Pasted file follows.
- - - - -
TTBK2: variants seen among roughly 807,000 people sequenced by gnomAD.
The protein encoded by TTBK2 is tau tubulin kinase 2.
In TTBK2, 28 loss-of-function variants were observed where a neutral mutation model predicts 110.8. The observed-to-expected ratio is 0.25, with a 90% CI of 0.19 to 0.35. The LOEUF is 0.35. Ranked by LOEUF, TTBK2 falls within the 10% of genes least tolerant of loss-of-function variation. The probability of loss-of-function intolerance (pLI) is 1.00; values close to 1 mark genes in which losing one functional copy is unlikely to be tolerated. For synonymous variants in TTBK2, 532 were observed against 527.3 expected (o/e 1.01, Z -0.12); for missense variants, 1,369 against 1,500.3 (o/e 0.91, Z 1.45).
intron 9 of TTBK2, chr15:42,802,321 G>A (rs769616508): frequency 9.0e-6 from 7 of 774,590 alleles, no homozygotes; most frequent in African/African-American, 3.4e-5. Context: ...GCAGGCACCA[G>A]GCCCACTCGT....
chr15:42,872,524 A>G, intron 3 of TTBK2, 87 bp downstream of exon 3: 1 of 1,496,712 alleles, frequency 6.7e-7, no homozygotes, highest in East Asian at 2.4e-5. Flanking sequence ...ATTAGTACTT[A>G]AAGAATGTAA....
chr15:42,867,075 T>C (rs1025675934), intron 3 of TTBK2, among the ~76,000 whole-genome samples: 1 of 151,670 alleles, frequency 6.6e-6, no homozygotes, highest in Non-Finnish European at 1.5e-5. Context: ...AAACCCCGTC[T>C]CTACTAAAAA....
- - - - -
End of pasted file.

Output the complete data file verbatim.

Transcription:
TTBK2: variants seen among roughly 807,000 people sequenced by gnomAD.
The protein encoded by TTBK2 is tau tubulin kinase 2.
In TTBK2, 28 loss-of-function variants were observed where a neutral mutation model predicts 110.8. The observed-to-expected ratio is 0.25, with a 90% CI of 0.19 to 0.35. The LOEUF is 0.35. Ranked by LOEUF, TTBK2 falls within the 10% of genes least tolerant of loss-of-function variation. The probability of loss-of-function intolerance (pLI) is 1.00; values close to 1 mark genes in which losing one functional copy is unlikely to be tolerated. For synonymous variants in TTBK2, 532 were observed against 527.3 expected (o/e 1.01, Z -0.12); for missense variants, 1,369 against 1,500.3 (o/e 0.91, Z 1.45).
intron 9 of TTBK2, chr15:42,802,321 G>A (rs769616508): frequency 9.0e-6 from 7 of 774,590 alleles, no homozygotes; most frequent in African/African-American, 3.4e-5. Context: ...GCAGGCACCA[G>A]GCCCACTCGT....
chr15:42,872,524 A>G, intron 3 of TTBK2, 87 bp downstream of exon 3: 1 of 1,496,712 alleles, frequency 6.7e-7, no homozygotes, highest in East Asian at 2.4e-5. Flanking sequence ...ATTAGTACTT[A>G]AAGAATGTAA....
chr15:42,867,075 T>C (rs1025675934), intron 3 of TTBK2, among the ~76,000 whole-genome samples: 1 of 151,670 alleles, frequency 6.6e-6, no homozygotes, highest in Non-Finnish European at 1.5e-5. Context: ...AAACCCCGTC[T>C]CTACTAAAAA....